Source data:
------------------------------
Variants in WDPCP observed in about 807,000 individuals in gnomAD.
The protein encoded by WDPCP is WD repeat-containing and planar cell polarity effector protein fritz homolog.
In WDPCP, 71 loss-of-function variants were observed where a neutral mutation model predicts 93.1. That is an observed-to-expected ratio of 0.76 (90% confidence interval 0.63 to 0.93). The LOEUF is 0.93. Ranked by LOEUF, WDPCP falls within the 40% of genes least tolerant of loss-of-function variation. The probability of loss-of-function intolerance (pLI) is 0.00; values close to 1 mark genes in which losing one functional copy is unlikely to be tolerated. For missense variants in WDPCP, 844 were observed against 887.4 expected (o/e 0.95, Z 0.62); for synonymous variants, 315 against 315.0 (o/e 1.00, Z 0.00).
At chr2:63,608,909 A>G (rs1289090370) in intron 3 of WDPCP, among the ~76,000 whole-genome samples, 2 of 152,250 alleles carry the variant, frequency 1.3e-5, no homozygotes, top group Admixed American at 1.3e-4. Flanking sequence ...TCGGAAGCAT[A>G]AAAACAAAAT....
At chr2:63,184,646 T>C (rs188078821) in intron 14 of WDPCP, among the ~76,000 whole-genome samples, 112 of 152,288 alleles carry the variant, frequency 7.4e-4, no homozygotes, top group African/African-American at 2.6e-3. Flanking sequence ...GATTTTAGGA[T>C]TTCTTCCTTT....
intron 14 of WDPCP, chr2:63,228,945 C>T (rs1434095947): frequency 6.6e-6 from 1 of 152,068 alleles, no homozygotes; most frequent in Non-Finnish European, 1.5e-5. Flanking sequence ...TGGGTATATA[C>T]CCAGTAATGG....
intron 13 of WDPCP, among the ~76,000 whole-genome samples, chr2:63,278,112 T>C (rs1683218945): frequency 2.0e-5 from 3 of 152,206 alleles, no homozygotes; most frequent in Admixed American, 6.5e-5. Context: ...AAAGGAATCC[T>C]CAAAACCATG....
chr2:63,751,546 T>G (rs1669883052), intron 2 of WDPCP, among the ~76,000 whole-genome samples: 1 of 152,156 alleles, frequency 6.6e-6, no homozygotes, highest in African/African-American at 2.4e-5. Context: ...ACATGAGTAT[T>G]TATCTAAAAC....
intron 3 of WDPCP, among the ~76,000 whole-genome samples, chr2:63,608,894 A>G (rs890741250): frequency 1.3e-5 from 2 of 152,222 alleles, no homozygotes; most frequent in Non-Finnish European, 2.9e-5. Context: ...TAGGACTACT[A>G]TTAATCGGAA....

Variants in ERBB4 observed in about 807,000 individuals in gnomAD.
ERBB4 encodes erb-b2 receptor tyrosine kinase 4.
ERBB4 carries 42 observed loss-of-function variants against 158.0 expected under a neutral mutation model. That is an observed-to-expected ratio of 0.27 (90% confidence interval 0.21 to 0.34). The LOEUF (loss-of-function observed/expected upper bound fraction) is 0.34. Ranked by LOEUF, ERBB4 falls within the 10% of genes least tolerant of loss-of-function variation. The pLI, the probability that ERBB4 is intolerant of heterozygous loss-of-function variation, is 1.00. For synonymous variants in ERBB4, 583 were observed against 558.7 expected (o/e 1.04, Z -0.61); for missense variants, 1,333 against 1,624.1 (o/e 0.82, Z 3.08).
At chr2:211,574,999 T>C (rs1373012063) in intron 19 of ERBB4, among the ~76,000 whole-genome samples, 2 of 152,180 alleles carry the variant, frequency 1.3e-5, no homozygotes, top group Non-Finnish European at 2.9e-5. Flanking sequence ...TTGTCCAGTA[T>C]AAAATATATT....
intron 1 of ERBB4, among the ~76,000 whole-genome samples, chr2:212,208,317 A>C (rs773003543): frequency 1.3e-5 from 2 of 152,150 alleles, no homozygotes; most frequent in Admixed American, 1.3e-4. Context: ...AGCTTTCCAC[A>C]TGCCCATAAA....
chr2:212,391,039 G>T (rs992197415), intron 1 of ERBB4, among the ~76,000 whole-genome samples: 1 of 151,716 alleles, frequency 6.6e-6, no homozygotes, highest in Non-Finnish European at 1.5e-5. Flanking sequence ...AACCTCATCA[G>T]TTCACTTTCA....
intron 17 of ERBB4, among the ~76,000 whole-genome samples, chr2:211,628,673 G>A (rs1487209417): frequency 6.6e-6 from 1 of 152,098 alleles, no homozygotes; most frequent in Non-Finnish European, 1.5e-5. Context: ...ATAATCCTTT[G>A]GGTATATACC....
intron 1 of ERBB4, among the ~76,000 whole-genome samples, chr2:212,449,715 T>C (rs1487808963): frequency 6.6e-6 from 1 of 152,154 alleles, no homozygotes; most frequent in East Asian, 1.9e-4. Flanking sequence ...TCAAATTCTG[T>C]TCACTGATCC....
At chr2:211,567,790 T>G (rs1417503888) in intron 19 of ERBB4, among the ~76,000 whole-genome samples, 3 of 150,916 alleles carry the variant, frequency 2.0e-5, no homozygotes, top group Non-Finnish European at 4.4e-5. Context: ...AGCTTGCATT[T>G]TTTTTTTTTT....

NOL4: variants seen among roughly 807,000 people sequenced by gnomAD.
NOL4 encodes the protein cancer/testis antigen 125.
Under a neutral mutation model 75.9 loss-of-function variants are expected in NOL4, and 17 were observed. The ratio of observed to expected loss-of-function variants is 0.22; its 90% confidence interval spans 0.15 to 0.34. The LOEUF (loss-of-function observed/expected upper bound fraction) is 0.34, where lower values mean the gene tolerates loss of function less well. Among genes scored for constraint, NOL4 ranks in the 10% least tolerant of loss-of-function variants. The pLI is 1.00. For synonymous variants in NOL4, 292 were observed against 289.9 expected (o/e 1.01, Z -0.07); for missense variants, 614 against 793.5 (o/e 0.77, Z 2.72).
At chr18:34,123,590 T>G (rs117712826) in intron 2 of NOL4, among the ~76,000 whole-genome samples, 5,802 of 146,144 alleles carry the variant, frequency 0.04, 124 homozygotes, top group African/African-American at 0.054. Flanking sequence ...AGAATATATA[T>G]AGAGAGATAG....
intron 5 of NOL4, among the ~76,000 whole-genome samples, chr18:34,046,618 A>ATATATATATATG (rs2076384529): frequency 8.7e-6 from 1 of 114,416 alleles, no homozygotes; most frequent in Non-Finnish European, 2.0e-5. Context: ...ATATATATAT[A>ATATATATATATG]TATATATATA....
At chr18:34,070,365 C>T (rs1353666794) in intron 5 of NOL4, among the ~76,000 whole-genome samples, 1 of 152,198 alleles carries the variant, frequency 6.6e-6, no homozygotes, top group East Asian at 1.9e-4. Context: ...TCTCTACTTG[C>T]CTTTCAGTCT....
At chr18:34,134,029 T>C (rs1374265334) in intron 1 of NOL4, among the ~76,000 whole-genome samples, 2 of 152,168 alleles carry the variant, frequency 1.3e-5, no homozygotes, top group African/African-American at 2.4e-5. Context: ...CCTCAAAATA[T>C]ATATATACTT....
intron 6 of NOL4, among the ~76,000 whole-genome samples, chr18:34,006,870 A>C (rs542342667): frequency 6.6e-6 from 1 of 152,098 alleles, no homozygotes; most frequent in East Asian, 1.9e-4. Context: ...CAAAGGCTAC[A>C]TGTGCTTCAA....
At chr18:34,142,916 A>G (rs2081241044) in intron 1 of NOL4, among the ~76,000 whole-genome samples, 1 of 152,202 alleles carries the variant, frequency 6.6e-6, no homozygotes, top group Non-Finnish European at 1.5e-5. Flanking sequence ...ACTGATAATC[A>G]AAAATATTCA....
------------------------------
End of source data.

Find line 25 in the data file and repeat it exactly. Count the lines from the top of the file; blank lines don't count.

At chr18:34,134,029 T>C (rs1374265334) in intron 1 of NOL4, among the ~76,000 whole-genome samples, 2 of 152,168 alleles carry the variant, frequency 1.3e-5, no homozygotes, top group African/African-American at 2.4e-5. Context: ...CCTCAAAATA[T>C]ATATATACTT....